The Los Angeles Times voiced support for the compromise, claiming that should the design study prove successful, “the technology could be made available to other countries that are genuinely convinced that breeder reactors are essential to meeting their future energy needs” without [End Page 34] increasing the risk of plutonium dangers. Likewise, Walter Flowers (DAL) “hailed” the compromise as an opportunity to break the impasse. However, Marilyn Lloyd (D-TN), in whose district the Clinch River facility would be built, was skeptical, deeply distrusting the administration’s motives.27 Less than a month later, Representative Lloyd offered an amendment to the 1979 fiscal year authorization for the Department of Energy to reject the administration’s compromise and authorize $172.5 million to fund the breeder for another year.28 With anti-nuclear forces divided and pro-breeder advocates united, the amendment passed. Mike McCormick claimed boldly that the vote indicated “It’s time now for the administration to recognize the Congress is not going to roll over and play dead on the breeder.”29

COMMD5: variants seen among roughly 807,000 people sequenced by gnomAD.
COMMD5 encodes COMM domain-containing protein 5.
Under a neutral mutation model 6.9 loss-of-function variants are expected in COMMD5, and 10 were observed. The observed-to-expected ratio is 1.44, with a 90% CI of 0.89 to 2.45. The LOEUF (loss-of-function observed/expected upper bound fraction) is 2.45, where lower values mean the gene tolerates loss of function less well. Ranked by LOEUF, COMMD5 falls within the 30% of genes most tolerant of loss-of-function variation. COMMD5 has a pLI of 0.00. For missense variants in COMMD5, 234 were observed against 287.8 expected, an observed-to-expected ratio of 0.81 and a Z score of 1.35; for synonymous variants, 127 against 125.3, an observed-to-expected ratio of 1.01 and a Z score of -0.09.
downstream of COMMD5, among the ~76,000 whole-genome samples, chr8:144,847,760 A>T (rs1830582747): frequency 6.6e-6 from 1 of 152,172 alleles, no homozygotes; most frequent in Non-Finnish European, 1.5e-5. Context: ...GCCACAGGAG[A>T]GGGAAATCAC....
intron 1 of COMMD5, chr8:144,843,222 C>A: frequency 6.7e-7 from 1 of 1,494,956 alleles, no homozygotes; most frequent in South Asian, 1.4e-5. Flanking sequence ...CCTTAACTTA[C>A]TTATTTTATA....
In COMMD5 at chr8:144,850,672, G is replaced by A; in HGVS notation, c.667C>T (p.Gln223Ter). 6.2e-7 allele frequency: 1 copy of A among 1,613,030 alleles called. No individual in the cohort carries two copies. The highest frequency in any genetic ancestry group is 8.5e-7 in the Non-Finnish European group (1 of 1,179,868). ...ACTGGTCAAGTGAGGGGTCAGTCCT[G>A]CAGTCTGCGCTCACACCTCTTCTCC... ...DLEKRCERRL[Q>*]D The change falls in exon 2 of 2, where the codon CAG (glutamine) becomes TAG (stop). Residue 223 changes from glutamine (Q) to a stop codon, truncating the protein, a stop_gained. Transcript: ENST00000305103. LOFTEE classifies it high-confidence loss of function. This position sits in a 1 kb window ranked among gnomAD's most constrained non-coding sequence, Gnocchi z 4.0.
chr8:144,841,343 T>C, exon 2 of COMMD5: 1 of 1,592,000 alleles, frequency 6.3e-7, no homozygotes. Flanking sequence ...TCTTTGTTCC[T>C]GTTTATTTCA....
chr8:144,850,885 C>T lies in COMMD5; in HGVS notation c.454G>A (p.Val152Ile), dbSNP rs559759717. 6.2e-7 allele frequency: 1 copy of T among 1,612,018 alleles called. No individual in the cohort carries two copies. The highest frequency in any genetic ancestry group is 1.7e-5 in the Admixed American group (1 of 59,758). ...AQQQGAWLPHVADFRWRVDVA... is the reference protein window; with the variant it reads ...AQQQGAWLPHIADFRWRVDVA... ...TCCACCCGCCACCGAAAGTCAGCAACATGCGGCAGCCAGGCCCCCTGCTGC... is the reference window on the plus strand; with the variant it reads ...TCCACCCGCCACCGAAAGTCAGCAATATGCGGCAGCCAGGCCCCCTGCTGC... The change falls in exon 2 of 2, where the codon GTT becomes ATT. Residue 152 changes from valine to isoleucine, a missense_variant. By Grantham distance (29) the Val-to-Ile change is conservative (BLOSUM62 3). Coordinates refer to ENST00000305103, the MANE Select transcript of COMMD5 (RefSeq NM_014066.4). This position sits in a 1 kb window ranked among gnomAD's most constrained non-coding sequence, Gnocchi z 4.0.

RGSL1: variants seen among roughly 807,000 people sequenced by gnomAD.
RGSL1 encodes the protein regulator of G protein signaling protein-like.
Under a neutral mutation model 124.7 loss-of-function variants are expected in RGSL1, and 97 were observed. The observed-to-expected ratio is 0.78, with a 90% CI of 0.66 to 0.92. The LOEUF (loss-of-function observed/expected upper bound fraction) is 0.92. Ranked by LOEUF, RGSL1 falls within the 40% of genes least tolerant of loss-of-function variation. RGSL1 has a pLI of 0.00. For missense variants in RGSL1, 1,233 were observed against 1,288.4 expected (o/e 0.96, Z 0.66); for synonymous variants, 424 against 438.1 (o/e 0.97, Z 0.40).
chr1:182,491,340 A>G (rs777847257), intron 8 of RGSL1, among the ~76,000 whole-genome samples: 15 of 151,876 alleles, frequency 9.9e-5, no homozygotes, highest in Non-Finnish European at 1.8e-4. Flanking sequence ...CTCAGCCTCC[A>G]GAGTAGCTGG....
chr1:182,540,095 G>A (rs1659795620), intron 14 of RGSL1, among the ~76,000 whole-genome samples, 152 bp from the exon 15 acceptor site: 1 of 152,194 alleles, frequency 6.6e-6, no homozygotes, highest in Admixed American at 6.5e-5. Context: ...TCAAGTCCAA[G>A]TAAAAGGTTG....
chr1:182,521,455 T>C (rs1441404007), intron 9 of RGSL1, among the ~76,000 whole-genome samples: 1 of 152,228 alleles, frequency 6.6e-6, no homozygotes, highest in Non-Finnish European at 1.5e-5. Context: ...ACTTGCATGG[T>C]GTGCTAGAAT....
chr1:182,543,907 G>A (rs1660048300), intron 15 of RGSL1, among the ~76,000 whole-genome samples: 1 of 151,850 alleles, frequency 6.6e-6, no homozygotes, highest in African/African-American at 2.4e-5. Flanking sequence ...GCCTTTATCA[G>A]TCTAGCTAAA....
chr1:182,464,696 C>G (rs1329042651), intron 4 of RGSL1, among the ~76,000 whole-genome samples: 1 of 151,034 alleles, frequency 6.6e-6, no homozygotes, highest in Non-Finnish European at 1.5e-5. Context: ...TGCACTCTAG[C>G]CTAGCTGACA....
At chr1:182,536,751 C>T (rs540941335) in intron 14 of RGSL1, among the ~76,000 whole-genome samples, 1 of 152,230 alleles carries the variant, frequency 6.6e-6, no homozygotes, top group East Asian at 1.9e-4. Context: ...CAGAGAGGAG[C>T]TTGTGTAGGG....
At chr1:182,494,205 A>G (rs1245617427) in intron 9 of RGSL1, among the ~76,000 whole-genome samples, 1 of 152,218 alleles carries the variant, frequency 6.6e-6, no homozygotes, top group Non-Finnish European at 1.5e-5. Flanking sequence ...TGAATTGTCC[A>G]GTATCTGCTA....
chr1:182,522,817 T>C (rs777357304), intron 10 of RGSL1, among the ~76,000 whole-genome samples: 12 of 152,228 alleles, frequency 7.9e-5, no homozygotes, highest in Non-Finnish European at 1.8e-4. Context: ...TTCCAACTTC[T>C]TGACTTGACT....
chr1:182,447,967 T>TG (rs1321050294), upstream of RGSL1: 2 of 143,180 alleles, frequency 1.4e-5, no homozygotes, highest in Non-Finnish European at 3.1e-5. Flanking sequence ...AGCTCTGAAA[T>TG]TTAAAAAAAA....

John Wydler (R-NY), the ranking minority member on the House’s Committee on Science and Technology, wrote Carter that same April to warn about the nuclear progress that America’s Cold War adversary was achieving. Wydler had conversed with high-ranking Soviet officials in Moscow during the last week of March. The information conveyed was alarming. During the visit, the Soviets had victoriously touted the 350-megawatt breeder plant that had been operating on the Caspian Sea for three years, as well as their plans to complete and begin operation of a massive 600-megawatt plant in 1980. “I think you will agree,” Wydler warned President Carter, that the United States’s own program paled in comparison to the aggressive approach pursued by the Soviets. “It is frightening to speculate on the degree of control of the world market” for distribution of breeder technology that the United States’s Cold War adversaries might achieve by successfully implementing their program.30